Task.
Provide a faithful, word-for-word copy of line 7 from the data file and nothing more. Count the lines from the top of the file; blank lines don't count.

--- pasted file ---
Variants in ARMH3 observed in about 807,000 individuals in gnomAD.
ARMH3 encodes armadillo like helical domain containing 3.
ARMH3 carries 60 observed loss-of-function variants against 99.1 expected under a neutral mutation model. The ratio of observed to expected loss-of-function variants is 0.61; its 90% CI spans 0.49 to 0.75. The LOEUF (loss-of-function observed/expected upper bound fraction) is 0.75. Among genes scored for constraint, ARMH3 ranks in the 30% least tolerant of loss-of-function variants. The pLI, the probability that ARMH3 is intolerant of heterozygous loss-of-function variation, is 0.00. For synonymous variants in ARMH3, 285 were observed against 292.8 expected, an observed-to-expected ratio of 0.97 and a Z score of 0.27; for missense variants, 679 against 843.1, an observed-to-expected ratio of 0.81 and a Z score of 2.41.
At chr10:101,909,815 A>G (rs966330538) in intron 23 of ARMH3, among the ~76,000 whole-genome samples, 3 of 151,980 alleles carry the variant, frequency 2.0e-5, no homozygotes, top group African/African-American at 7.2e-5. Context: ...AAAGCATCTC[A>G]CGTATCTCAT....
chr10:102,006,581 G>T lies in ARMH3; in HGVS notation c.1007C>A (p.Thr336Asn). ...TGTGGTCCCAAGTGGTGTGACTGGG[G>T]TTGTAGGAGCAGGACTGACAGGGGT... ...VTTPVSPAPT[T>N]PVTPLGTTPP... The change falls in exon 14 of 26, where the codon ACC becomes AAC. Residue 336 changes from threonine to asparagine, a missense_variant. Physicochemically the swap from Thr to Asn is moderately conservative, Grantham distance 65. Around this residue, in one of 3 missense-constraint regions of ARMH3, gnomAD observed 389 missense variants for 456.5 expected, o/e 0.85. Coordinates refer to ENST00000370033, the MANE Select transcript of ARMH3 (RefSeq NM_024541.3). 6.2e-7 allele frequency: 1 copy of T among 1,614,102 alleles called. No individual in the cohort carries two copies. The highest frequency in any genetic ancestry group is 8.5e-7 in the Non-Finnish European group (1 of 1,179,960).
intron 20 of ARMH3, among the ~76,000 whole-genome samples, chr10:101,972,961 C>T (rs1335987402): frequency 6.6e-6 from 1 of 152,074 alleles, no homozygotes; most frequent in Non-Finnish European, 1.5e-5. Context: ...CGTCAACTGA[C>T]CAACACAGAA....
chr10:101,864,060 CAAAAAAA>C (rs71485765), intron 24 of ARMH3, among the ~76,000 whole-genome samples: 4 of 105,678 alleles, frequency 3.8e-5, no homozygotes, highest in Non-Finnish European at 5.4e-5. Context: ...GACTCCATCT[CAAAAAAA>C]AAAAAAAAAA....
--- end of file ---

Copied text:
chr10:101,864,060 CAAAAAAA>C (rs71485765), intron 24 of ARMH3, among the ~76,000 whole-genome samples: 4 of 105,678 alleles, frequency 3.8e-5, no homozygotes, highest in Non-Finnish European at 5.4e-5. Context: ...GACTCCATCT[CAAAAAAA>C]AAAAAAAAAA....